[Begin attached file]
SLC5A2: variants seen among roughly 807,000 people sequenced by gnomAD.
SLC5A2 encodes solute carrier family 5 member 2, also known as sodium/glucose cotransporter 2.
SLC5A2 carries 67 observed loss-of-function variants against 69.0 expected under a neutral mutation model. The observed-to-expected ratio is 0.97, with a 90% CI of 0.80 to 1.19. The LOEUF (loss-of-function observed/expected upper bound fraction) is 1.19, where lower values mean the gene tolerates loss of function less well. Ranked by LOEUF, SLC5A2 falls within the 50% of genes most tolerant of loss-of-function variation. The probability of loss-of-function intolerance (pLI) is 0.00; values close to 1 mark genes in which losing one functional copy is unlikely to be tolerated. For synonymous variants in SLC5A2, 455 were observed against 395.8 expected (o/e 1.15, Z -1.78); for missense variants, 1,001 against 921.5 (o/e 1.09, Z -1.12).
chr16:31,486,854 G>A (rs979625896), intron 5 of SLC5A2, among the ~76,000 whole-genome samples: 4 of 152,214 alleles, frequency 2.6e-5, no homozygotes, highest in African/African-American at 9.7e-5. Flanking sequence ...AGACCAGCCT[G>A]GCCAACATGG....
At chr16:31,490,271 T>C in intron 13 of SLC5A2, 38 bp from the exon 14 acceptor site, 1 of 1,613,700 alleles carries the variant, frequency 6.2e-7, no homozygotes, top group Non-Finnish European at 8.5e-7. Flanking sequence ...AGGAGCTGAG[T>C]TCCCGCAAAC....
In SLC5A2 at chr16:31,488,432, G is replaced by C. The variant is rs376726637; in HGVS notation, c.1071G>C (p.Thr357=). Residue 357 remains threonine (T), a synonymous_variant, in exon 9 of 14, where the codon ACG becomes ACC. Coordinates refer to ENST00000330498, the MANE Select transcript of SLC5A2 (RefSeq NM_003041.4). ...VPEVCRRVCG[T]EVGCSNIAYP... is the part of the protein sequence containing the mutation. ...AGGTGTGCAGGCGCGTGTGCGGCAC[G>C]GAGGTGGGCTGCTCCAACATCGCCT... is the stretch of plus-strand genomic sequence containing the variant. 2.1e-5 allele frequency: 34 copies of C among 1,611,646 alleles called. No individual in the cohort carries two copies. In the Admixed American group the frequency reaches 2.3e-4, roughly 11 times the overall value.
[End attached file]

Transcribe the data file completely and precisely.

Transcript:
SLC5A2: variants seen among roughly 807,000 people sequenced by gnomAD.
SLC5A2 encodes solute carrier family 5 member 2, also known as sodium/glucose cotransporter 2.
SLC5A2 carries 67 observed loss-of-function variants against 69.0 expected under a neutral mutation model. The observed-to-expected ratio is 0.97, with a 90% CI of 0.80 to 1.19. The LOEUF (loss-of-function observed/expected upper bound fraction) is 1.19, where lower values mean the gene tolerates loss of function less well. Ranked by LOEUF, SLC5A2 falls within the 50% of genes most tolerant of loss-of-function variation. The probability of loss-of-function intolerance (pLI) is 0.00; values close to 1 mark genes in which losing one functional copy is unlikely to be tolerated. For synonymous variants in SLC5A2, 455 were observed against 395.8 expected (o/e 1.15, Z -1.78); for missense variants, 1,001 against 921.5 (o/e 1.09, Z -1.12).
chr16:31,486,854 G>A (rs979625896), intron 5 of SLC5A2, among the ~76,000 whole-genome samples: 4 of 152,214 alleles, frequency 2.6e-5, no homozygotes, highest in African/African-American at 9.7e-5. Flanking sequence ...AGACCAGCCT[G>A]GCCAACATGG....
At chr16:31,490,271 T>C in intron 13 of SLC5A2, 38 bp from the exon 14 acceptor site, 1 of 1,613,700 alleles carries the variant, frequency 6.2e-7, no homozygotes, top group Non-Finnish European at 8.5e-7. Flanking sequence ...AGGAGCTGAG[T>C]TCCCGCAAAC....
In SLC5A2 at chr16:31,488,432, G is replaced by C. The variant is rs376726637; in HGVS notation, c.1071G>C (p.Thr357=). Residue 357 remains threonine (T), a synonymous_variant, in exon 9 of 14, where the codon ACG becomes ACC. Coordinates refer to ENST00000330498, the MANE Select transcript of SLC5A2 (RefSeq NM_003041.4). ...VPEVCRRVCG[T]EVGCSNIAYP... is the part of the protein sequence containing the mutation. ...AGGTGTGCAGGCGCGTGTGCGGCAC[G>C]GAGGTGGGCTGCTCCAACATCGCCT... is the stretch of plus-strand genomic sequence containing the variant. 2.1e-5 allele frequency: 34 copies of C among 1,611,646 alleles called. No individual in the cohort carries two copies. In the Admixed American group the frequency reaches 2.3e-4, roughly 11 times the overall value.